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How to Travel New Zealand From Auckland

Auckland is home to almost 1.6 million people.
Auckland is home to almost 1.6 million people. | © Robert Young / Flickr
Auckland is New Zealand’s largest city, with a population of almost 1.6 million people—in a country of about 4.5 million people. It’s no surprise then, that Auckland also has New Zealand’s largest airport and is the gateway to the rest of New Zealand for most international visitors. Here is our guide to travelling through New Zealand out of Auckland.

Why fly into Auckland?

When flying to New Zealand from anywhere else in the world, you’ll likely get the best flight deals if you head into Auckland Airport. This is because it’s the biggest airport in New Zealand, with about 17.2 million passengers passing through its doors in 2017 alone. If you compare this number to the next busiest airport, which is Christchurch International Airport — with about 6.3 million passengers each year — you can see how Auckland Airport is New Zealand’s transport hub when it comes to international travel.

An hour 'plane spotting at AKL

With its 1.6 million people, and reputation as an ethnic and cultural melting pot, it should come as little surprise that Auckland is a popular spot. There are few areas in the world that offer so many activities in one place, including restaurants, beaches, shops, museums, galleries and surf breaks to entertain the visitor.

Catching a flight out

You can fly between all New Zealand cities and most major towns using domestic air services. Domestic flights in New Zealand are easy to organise and very affordable, making air transport a popular choice for traveling around the country. If you’re on a tight time limit, then flying makes the most sense. This option isn’t as cheap as catching a bus, but it will save you a lot of time. For example, flying from Auckland to New Plymouth takes about 40 minutes, whereas a bus trip takes five hours. Flying may be a better option for someone who is only visiting Aotearoa for a fortnight, but if you’re backpacking for a few months, you may want to save money and travel on wheels. Air New Zealand and Jetstar are the main providers for most primary routes, and their services are complemented by regional airlines, charter companies and scenic flight operators. Some of the main spots in New Zealand that you can reach from Auckland are Napier, Rotorua, Christchurch, Nelson, Wellington, Taupo and Queenstown, as well as smaller towns such as Hokitika, Picton, Whangarei, Blenheim, Invercargill and Palmerston North.

The smaller regional airport at Blenheim © Phillip Capper / Flickr

Catching the bus

Speaking of buses, it will be music to the ears of seasoned travellers that the New Zealand bus services are well organised, with services transporting you to the far reaches of the North and South Island (including the start or end of various walking tracks). InterCity and Naked Bus are the two most popular companies that offer services from Auckland. These providers offer fares as low as 1 NZD (0.68 USD), if you’re lucky enough to get in first for a particular route.

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There are no allocated economy or luxury classes on New Zealand buses (very democratic), and smoking on the bus is a definite no-no.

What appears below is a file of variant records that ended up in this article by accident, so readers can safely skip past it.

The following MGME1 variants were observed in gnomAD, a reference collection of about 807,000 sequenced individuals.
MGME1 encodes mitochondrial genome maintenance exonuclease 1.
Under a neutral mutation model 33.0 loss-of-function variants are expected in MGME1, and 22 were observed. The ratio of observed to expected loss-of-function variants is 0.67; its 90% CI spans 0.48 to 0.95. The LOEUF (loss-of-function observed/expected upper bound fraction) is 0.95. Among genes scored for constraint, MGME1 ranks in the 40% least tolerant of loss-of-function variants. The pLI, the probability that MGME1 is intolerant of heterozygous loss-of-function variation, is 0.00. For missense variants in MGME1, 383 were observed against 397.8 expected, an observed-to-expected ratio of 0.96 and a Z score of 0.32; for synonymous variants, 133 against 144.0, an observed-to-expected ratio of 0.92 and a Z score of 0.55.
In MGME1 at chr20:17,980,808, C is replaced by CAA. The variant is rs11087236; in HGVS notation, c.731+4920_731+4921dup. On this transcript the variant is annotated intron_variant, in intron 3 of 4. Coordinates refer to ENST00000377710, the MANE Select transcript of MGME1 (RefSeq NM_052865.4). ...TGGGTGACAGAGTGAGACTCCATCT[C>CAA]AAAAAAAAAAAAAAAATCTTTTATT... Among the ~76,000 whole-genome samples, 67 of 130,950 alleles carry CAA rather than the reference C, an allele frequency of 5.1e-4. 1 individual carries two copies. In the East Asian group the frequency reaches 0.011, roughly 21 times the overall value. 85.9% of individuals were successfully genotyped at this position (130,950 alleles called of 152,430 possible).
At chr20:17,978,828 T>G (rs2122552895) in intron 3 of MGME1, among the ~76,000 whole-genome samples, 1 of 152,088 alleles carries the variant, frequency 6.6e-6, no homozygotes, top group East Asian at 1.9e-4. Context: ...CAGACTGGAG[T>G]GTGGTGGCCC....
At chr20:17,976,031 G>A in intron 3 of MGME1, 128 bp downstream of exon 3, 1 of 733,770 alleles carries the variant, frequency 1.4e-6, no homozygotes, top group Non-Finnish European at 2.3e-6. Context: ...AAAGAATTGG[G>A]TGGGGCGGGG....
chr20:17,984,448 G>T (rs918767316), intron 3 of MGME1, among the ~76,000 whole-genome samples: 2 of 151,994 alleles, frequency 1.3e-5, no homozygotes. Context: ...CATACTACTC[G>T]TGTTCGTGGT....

If you’re covering a lot of ground, both InterCity and Naked Bus offer bus passes that are priced by hours and number of trips. This can be cheaper than paying as you go, but do the math before buying and note that you’ll be locked into using one network. Passes are usually valid for 12 months.

There are some stunning vistas to be taken in by bus © Bernard Spragg. NZ / Flickr

Rent a car or campervan

Perhaps the best way to experience New Zealand — if you’re not worried about time — is to rent or buy a car or campervan. Either option will grant you more freedom than a plane or bus, and you can stop wherever you want to capture the perfect photograph or indulge in a gourmet roadside pie. The favoured option is a campervan though, as it doubles as your accommodation and kitchen which, when you’re on a backpacking budget, is key to saving pennies so that you can go bungee jumping in Taupo or shark diving in Dunedin.

A hotel room on wheels has the benefit of a changing view © Ubaían / Flickr

Deciding whether you should hire or buy a car or campervan depends on how long you’re staying in the country. If you’re staying in New Zealand for a decent amount of time, buying one may be a smarter choice, as hiring charges can add up if you’re on the road for two or three months. An advantage of flying into Auckland and starting your trip from there is that, as the biggest city in New Zealand, it offers the largest selection of campers, which means the prices are more competitive.

However, keep supply and demand in mind. If you’re traveling through New Zealand in the summer, there will be a lot of crowds. This means there is a squeeze on the campevan market and prices will be at a premium. Do some research early on and try to get a camper secured during the winter season.

Kaikoura Camping © empty007 / Flickr

Likewise, if you have to sell your van, remember that a lot of other people try selling vans during certain seasons. Many backpackers have spent 5,000 NZD (3,300 USD) on a van, but received less than 1,000 NZD (677 USD) when they sold it back during the winter.

Auckland won’t let you down

Whether you fancy flying, catching the bus, hopping on a train or buying your own little home on wheels, Auckland is the most convenient place to travel from. Take a little stress out of your trip and start here. Remember, it’s just the beginning of an amazing time.